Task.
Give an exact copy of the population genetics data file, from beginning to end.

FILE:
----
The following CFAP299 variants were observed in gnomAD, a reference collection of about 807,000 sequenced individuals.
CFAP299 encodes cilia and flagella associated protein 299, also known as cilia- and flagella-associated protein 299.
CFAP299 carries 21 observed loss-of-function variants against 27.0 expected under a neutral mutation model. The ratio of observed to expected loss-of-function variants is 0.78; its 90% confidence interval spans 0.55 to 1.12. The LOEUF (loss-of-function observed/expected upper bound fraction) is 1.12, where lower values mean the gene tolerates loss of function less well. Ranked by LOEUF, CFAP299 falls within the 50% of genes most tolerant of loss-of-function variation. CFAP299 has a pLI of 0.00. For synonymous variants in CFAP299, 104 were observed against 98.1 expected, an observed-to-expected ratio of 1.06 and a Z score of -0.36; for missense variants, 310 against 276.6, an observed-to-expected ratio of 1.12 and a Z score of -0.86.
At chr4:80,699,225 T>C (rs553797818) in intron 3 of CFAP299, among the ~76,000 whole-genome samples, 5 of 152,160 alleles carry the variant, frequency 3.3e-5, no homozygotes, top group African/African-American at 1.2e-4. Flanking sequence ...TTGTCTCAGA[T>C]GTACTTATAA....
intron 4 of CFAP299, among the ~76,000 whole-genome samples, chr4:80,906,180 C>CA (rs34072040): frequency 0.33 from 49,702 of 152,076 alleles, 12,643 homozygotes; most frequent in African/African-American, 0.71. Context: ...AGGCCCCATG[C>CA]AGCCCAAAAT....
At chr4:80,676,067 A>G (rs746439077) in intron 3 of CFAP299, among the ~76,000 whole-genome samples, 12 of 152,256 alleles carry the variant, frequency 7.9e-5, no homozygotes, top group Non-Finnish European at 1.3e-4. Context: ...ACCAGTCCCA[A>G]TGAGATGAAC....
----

The following CFAP299 variants were observed in gnomAD, a reference collection of about 807,000 sequenced individuals.
CFAP299 encodes cilia and flagella associated protein 299, also known as cilia- and flagella-associated protein 299.
CFAP299 carries 21 observed loss-of-function variants against 27.0 expected under a neutral mutation model. The ratio of observed to expected loss-of-function variants is 0.78; its 90% confidence interval spans 0.55 to 1.12. The LOEUF (loss-of-function observed/expected upper bound fraction) is 1.12, where lower values mean the gene tolerates loss of function less well. Ranked by LOEUF, CFAP299 falls within the 50% of genes most tolerant of loss-of-function variation. CFAP299 has a pLI of 0.00. For synonymous variants in CFAP299, 104 were observed against 98.1 expected, an observed-to-expected ratio of 1.06 and a Z score of -0.36; for missense variants, 310 against 276.6, an observed-to-expected ratio of 1.12 and a Z score of -0.86.
At chr4:80,699,225 T>C (rs553797818) in intron 3 of CFAP299, among the ~76,000 whole-genome samples, 5 of 152,160 alleles carry the variant, frequency 3.3e-5, no homozygotes, top group African/African-American at 1.2e-4. Flanking sequence ...TTGTCTCAGA[T>C]GTACTTATAA....
intron 4 of CFAP299, among the ~76,000 whole-genome samples, chr4:80,906,180 C>CA (rs34072040): frequency 0.33 from 49,702 of 152,076 alleles, 12,643 homozygotes; most frequent in African/African-American, 0.71. Context: ...AGGCCCCATG[C>CA]AGCCCAAAAT....
At chr4:80,676,067 A>G (rs746439077) in intron 3 of CFAP299, among the ~76,000 whole-genome samples, 12 of 152,256 alleles carry the variant, frequency 7.9e-5, no homozygotes, top group Non-Finnish European at 1.3e-4. Context: ...ACCAGTCCCA[A>G]TGAGATGAAC....